In under five years, there's been a sixty percent increase in the number of products pulled from shelves due to health and safety concerns. YNN's John Wagner spoke with shoppers who say they just can't keep track.
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POUGHKEEPSIE, N.Y. -- A crib, a coffee pot, a slab of meat recalled due to safety issues with big consequences. For many like the Vanbenschoten family, precautions are taken at home, but most recalls aren't given that much thought.
"Last year when the salad was bad, we got a couple bags of that, but we just throw them away and hope we don't get sick," said Dana Vanbenschoten after shopping at Poughkeepsie's Price Chopper grocery store.
In 2007, under 1,500 products got recalled. By last year, that number jumped to nearly 2,400, averaging six and a half a day. Shoppers say that's information overload.
"Nowadays, at least I find, they say everything is bad," said LaGrange resident Shannon Page. "Whether it's a sunscreen product or everything has a warning, everything is bad, so I just think we've survived this long, we'll continue to survive."
"Unless it jumps out and it's screaming and there's some big poster or big news explosion about it, that's when I pay attention," said new Poughkeepsie resident Jessica Kenny.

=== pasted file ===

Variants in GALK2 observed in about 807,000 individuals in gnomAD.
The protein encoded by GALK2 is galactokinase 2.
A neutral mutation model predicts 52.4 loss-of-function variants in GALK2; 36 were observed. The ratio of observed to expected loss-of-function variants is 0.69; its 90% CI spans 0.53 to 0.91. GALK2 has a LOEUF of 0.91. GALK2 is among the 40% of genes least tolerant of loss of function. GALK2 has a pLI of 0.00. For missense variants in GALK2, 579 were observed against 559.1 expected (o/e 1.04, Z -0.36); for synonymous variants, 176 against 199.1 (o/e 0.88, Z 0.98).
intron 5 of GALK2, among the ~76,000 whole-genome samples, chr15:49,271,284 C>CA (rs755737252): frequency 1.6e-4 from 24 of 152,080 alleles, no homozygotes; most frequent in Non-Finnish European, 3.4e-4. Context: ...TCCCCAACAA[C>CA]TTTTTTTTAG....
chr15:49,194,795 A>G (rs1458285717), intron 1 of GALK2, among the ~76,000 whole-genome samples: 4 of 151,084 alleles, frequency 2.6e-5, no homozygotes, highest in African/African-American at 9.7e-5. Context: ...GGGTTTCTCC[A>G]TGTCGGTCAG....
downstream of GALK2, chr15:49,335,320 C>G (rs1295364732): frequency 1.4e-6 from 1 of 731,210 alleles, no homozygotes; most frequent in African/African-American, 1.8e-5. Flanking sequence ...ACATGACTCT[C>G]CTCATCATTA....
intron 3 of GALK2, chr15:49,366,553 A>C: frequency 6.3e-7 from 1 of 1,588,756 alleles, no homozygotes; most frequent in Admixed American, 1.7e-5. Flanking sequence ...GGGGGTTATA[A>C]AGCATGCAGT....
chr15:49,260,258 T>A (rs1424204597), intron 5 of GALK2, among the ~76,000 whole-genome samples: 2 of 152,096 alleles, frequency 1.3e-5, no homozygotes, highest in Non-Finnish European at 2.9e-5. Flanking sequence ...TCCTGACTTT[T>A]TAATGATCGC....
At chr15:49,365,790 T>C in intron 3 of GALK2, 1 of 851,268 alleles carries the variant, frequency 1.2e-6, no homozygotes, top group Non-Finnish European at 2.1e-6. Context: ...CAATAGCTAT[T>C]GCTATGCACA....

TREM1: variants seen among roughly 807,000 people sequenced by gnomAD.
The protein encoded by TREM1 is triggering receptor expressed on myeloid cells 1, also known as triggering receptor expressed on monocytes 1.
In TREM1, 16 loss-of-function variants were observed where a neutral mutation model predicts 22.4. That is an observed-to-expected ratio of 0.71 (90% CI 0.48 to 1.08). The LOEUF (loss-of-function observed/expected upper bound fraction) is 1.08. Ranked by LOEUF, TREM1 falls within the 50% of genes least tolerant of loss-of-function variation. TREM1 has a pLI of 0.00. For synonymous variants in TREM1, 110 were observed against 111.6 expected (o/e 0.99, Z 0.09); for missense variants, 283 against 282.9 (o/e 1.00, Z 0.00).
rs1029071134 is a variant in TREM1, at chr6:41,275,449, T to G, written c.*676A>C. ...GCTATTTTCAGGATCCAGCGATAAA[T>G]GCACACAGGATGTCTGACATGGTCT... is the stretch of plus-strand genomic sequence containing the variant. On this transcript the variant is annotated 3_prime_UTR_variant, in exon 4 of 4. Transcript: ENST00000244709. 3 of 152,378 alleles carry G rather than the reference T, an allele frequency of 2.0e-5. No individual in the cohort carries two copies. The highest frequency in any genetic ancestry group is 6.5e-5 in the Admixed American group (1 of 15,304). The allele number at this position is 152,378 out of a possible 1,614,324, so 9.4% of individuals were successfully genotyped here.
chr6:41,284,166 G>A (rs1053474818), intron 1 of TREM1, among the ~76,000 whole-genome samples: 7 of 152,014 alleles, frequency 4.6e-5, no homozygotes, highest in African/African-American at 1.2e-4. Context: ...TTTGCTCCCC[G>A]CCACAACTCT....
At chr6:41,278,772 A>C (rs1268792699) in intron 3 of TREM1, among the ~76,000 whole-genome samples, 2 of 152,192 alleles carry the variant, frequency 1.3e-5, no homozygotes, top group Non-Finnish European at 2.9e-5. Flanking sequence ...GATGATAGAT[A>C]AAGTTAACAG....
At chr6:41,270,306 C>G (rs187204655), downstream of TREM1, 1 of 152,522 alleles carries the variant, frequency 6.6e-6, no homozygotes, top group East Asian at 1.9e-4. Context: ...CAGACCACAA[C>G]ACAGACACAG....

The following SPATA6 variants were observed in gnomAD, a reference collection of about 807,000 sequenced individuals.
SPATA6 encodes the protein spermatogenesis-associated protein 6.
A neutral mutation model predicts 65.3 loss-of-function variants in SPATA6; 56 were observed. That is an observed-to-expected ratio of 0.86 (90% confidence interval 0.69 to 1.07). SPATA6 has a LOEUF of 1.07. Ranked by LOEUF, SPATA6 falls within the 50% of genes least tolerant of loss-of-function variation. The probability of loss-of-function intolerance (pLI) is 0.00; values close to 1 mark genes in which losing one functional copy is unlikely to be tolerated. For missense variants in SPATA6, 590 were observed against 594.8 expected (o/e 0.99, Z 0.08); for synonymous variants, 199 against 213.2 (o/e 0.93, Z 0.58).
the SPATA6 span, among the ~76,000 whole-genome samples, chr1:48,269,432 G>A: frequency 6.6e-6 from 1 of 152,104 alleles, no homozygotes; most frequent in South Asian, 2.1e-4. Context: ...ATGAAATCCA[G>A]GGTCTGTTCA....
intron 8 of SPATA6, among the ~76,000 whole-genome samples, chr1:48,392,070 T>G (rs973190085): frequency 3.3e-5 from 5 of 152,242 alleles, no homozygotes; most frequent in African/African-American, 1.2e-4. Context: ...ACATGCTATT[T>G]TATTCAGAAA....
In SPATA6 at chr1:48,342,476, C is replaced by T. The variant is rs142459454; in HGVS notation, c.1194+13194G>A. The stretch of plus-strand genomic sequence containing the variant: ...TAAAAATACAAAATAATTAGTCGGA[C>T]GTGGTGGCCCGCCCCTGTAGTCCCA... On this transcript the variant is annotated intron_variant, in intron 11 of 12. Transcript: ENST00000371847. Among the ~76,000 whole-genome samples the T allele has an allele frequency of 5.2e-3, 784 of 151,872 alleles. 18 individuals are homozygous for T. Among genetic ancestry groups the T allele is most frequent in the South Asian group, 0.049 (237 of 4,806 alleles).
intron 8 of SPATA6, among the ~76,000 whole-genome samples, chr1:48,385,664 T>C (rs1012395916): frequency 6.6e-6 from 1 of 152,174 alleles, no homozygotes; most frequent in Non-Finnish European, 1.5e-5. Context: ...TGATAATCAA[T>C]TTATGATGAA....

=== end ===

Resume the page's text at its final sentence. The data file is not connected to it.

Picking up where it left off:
Experts speculate the rise in recalls comes from better oversight and consumer’s use of social media to quickly identify health concerns.
"Lot of my friends have kids, so if they hear something, they'll call me and let me know and vice versa," said Poughkeepsie grandmother Tanya Ellis.
"If it's specifically for a child, my child, then I'll do the research and make sure, or a car, something big like that," said Kenny.
Regulators and retailers worry that shoppers have heard "the sky is falling" message too many times and have zoned out on what could be important messages. Many grocery stores use reward's cards to track recalled items and notify shoppers.
"They should pay attention because that's their money, they're losing money from that, and in this economy we don't need to lose a dime," said Rosa Evans, who checks online regularly for recall information.
You can sign up for email alerts and check for recalls at the government site, www.recalls.gov. And there's an app for that. For others, there's a father-in-law for that. Consumers can also check out www.saferproducts.gov.
"He watches the news and he reads every section of the paper," continued Dana Vanbenschoten. "So every time there's something, he calls or texts me to let me know not to buy it."